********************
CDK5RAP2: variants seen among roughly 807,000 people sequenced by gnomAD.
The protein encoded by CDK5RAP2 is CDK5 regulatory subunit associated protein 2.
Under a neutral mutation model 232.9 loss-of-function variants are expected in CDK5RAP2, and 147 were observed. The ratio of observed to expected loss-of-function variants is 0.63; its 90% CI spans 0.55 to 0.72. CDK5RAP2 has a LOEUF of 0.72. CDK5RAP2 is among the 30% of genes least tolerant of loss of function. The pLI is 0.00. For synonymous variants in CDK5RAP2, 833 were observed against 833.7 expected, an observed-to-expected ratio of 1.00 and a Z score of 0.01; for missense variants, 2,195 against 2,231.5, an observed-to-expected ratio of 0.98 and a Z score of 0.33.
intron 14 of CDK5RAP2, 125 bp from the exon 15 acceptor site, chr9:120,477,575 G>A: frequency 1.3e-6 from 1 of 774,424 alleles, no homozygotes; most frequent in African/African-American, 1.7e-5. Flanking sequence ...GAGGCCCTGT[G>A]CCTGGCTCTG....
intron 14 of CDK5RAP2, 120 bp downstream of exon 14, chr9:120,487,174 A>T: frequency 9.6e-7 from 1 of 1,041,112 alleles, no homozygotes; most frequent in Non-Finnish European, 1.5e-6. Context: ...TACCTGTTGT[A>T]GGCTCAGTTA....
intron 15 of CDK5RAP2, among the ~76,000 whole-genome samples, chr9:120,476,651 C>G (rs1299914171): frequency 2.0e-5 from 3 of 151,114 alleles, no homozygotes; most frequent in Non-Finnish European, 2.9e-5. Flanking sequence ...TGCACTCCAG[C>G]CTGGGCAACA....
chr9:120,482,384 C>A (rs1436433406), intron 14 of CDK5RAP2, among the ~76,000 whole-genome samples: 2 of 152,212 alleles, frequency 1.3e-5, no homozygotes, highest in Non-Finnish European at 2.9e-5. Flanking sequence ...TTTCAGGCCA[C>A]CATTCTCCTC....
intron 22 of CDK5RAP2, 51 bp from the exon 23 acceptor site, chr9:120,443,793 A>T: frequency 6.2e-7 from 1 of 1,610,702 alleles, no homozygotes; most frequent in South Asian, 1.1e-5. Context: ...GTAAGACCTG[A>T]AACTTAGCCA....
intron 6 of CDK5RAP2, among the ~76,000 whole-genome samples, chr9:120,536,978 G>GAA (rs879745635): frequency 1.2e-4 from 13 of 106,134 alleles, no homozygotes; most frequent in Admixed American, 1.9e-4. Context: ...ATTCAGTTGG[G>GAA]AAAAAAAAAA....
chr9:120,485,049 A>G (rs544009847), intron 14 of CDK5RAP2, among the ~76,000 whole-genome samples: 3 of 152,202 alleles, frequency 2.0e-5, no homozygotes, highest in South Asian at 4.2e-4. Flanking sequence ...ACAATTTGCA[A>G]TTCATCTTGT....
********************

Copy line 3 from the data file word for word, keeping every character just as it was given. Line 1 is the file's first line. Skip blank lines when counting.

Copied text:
Under a neutral mutation model 232.9 loss-of-function variants are expected in CDK5RAP2, and 147 were observed. The ratio of observed to expected loss-of-function variants is 0.63; its 90% CI spans 0.55 to 0.72. CDK5RAP2 has a LOEUF of 0.72. CDK5RAP2 is among the 30% of genes least tolerant of loss of function. The pLI is 0.00. For synonymous variants in CDK5RAP2, 833 were observed against 833.7 expected, an observed-to-expected ratio of 1.00 and a Z score of 0.01; for missense variants, 2,195 against 2,231.5, an observed-to-expected ratio of 0.98 and a Z score of 0.33.